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Vahid Poozesh

Dean of School of Biology and Assistant professor of Ecophysiology of plant

Selected Publications

Makarian, H., Poozesh, V., Asghari, H.R., Nazari, M. Interaction Effects of Arbuscular Mycorrhiza Fungi and Soil Applied Herbicides on Plant Growth (2016) Communications in Soil Science and Plant Analysis, 47 (5), pp. 619-629.

DOI: 10.1080/00103624.2016.1146744

Interaction between mycorrhizal fungi and herbicide application and their effects on plant growth are issues around which there is little information. Therefore, to determine the effect of arbuscular mycorrhizal (AM) fungus in alleviating the effects of herbicide stress on growth of maize and barley, two pot experiments were conducted in Shahrood University of Technology in 2009 and 2010. Factorial experiments were arranged in completely randomized design with three replications. Experimental factors were a combination of two factors: (1) non-mycorrhiza (control) and Glommusmosseae, Glommusintraradices and Glommusfasciculatum as mycorrhizal inoculums; (2) herbicide treatments, which included three levels of metribuzin (0, 175 and 350 g a.i. ha−1). In the second experiment, factors examined were inoculated soil with mycorrhiza fungi at two levels (with and without Glommusintraradices) and four rates of metribuzin (0, 175, 350 and 525 g a.i. ha−1) and two levels of iron (0 (control) and 20 mg pot−1). The results showed that soil inoculated with mycorrhiza had significantly increased dry weight, height and chlorophyll content of maize and barley in the low herbicide concentrations (175 g a.i. ha−1) compared to non-inoculated treatments. Based on our results, mycorrhiza fungi can alleviate crop stress due to low doses of metribuzin injury through increase in plant growth. © 2016 Taylor & Francis.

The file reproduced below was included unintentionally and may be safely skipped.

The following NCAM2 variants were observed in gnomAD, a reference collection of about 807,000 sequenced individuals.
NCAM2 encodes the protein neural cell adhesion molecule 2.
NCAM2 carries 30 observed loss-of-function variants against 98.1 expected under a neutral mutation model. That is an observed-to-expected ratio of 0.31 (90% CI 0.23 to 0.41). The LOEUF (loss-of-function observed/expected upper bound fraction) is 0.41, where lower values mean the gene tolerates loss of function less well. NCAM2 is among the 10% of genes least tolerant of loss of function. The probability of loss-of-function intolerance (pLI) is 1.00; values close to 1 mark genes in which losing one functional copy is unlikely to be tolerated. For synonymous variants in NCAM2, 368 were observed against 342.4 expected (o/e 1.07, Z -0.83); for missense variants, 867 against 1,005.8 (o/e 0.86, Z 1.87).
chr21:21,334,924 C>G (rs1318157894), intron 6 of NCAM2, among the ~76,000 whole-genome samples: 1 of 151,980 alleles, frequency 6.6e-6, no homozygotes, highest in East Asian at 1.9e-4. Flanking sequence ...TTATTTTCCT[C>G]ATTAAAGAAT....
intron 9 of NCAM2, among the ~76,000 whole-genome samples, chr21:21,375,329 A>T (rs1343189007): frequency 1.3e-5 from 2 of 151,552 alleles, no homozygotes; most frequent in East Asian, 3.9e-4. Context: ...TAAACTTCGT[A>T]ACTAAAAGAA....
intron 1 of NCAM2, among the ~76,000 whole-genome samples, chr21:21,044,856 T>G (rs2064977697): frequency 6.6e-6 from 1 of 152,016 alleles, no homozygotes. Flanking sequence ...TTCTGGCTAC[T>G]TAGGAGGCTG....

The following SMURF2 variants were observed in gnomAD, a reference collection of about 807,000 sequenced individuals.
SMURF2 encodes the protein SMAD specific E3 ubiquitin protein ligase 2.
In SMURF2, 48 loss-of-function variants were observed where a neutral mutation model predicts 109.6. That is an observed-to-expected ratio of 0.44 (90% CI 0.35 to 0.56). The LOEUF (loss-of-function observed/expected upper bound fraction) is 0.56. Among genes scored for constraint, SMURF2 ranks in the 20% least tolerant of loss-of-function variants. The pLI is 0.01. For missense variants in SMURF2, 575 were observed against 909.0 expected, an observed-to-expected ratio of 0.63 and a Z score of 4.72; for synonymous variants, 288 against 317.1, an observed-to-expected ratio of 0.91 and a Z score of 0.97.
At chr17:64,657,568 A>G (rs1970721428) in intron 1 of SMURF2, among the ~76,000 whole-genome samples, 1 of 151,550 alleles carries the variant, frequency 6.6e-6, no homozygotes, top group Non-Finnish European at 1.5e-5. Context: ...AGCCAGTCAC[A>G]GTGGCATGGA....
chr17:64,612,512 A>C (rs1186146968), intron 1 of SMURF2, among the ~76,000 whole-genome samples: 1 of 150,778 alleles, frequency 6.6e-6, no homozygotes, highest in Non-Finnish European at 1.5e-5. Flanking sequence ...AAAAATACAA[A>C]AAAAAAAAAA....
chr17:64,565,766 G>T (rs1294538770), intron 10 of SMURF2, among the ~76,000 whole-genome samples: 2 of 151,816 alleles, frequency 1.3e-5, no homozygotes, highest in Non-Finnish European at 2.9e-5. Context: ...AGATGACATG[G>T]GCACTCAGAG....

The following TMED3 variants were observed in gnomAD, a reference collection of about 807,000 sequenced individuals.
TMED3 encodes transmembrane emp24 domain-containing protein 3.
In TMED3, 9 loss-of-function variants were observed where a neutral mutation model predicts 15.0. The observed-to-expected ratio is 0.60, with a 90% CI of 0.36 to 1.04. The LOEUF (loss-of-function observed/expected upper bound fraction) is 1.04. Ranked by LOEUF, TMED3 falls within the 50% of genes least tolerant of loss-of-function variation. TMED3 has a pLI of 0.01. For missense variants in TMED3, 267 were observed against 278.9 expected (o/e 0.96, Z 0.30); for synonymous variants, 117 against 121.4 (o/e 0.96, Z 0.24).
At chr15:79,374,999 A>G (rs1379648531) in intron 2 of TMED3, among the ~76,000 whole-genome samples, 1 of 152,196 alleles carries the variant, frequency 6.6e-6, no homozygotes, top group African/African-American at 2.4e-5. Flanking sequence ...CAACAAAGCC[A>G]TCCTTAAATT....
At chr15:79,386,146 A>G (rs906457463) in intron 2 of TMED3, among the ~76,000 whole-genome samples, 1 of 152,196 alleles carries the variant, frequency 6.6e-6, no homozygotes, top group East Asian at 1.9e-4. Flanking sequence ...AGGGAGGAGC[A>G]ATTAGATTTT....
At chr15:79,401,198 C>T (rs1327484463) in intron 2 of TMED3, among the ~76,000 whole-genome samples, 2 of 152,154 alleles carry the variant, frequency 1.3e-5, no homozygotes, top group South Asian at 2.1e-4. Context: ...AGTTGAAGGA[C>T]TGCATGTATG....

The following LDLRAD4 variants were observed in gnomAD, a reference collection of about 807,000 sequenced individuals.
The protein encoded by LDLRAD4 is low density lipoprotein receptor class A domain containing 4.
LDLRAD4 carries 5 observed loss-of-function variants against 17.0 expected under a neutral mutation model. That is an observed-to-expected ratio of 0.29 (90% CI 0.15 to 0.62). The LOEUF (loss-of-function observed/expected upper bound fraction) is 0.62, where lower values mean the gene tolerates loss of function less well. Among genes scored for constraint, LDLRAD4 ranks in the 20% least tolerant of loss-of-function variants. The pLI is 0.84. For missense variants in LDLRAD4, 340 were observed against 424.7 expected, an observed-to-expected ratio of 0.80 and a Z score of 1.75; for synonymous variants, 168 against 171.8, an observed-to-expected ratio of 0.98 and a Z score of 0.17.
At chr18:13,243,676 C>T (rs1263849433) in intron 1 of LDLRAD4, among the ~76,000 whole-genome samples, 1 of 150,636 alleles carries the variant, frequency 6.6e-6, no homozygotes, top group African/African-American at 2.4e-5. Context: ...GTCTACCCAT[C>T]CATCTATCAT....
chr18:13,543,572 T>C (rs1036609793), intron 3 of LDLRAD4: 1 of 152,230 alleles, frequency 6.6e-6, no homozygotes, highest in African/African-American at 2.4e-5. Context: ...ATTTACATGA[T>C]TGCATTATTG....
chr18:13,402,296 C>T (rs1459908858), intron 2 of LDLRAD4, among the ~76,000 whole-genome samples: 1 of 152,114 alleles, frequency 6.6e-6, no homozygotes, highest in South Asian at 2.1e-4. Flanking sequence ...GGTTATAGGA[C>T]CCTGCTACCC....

AUTHOR KEYWORDS: Colonization; Fe; Hordeum vulgaris L; metribuzin; pesticide; Zea mays L
INDEX KEYWORDS: arbuscular mycorrhiza; barley; colonization; fungus; growth; inoculation; iron; maize; metribuzin; pesticide application, Iran; Semnan, Fungi; Hordeum; Hordeum vulgare; Zea mays
PUBLISHER: Taylor and Francis Inc.

Bertoni, G., Helias, R., Poozesh, V., Castillon, P., Cruz, P. Should soil liming and fertilizers be used in the case of permanent grassland on low fertility acid soil? [Faut-il chauler et fertiliser les prairies permanentes des sols acides et peu fertiles ?] (2013) Fourrages, 2013 (213), pp. 55-62.

The benefits of liming permanent grassland are controversial. A long-term trial (carried out on acid soil for 8 years, then on sown cocksfoot for 4 years) provided information on the effect of liming (increased production, economic benefits) and on the ecological intensification of this type of grassland. Annual production for non-fertilized unlimed grassland was 1.1 t DM/ha. The positive effect of liming (+ 0,7 t DM/ha) was only true for non-fertilized land. The effect of NPKS fertilization (+ 4,0 t DM/ha) was much higher, which may be attributed to soil phosphorus levels. The effects of liming and fertilization were enhanced for sown cocksfoot, where production reached 9 tons. In this case, liming and fertilization are economically beneficial and allow land to be used for intensive farming. © 2013 Association Francaise pour la Production Fourragere. All rights reserved.

AUTHOR KEYWORDS: Aluminium; Basic calcic fertilizer; Change in time; Cocksfoot; Economic aspect; Fertilisation; Forage production; Long duration experiments; Permanent pasture; Phosphatic nutrition; Plant nutrition; Soil; Soil fertility; Vegetation
PUBLISHER: Association Francaise pour la Production Fourragere

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